My training site friend Gareth, who lives about 300 km away in the northern part of Chongqing municipality, came to visit this weekend. Gareth lives in a very small town (by Chinese standards) in which she and her sitemate are just about all the foreigners there are. So being around other foreigners and other PCVs, being in a city, going out on the town, shopping at a mega supermarket, etc, were all treats for her. The couple of times I’ve had friends come out to Beibei I’ve made a half-hearted feint of, “do you want to walk around the town, see the university, etc? Or…we could just sit and have a beer and not do any touring.” In all cases the latter has been preferred. ‘Cause the thing about a lot of the China that I’ve seen so far is, it all looks pretty similar. Either it’s a big city or a small city, and maybe the background landscape looks a little bit different (number of trees, hilly or not, etc), but in general it’s kind of standard. A mix of big fancy department stores and supermarkets and tiny mom-and-pop stores selling drinks or hardware or shoes. Rows of noodle restaurants and dumpling restaurants and “dishes” restaurants. No building older than a few decades, and many buildings clearly built up only during the twenty-first century. Little scenery visible in the distance due to smog. So yeah, there’s not a huge amount of impetus to spend time walking around, say, downtown Beibei, for a PCV, who probably is coming from a town that looks very similar.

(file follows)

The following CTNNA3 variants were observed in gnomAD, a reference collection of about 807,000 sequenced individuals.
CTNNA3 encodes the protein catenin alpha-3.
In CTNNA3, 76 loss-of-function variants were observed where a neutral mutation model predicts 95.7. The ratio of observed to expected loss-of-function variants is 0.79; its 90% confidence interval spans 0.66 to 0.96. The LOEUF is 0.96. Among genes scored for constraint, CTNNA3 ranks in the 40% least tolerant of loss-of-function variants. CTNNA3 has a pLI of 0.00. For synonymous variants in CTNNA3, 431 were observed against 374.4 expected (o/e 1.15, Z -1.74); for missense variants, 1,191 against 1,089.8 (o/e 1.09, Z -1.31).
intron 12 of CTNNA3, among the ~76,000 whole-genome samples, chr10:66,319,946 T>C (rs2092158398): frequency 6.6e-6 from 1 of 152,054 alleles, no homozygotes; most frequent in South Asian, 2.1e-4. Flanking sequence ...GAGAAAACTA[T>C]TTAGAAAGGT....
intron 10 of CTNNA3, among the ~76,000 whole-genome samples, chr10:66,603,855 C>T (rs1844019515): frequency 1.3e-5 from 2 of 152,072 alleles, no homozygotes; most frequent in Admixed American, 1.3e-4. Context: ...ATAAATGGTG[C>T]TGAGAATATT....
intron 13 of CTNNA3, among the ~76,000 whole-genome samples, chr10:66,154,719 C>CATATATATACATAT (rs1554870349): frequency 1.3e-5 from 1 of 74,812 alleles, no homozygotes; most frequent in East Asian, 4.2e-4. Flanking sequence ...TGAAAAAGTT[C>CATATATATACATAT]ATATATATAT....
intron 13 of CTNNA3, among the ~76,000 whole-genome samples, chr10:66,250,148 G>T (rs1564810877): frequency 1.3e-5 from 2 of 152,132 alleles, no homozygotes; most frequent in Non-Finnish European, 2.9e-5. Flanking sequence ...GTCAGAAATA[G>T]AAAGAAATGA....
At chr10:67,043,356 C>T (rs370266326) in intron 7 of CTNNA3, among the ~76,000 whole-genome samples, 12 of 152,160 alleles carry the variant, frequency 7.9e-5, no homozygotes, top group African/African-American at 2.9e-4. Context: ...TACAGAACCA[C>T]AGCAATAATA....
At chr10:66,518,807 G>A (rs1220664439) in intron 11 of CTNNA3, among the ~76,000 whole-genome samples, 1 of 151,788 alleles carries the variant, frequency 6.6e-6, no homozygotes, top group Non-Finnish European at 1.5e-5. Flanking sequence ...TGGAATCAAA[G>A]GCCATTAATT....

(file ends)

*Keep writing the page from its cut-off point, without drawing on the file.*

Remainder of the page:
In any case, on Friday night I showed Gareth most of the best Beibei has to offer. We grabbed dinner on “Eat Street,” the awesome alley of street vendors and restaurants that’s perhaps the best thing in this town. We hung out at T Bar (or is it Tea Bar? Tee Bar? Unclear.), a lounge with a sort of hippie vibe with some live music (an acoustic version of Poker Face was a highlight on Friday) that’s decorated with communist propaganda posters. Unclear if they’re ironic or not. Most of the group headed home when it got to be the a.m. but Gareth was ready to dance, so she, contract-teacher Kelsey, and I piled into a cab to downtown Beibei (a 5-minute ride), where we had heard rumor that there was an actual dance club.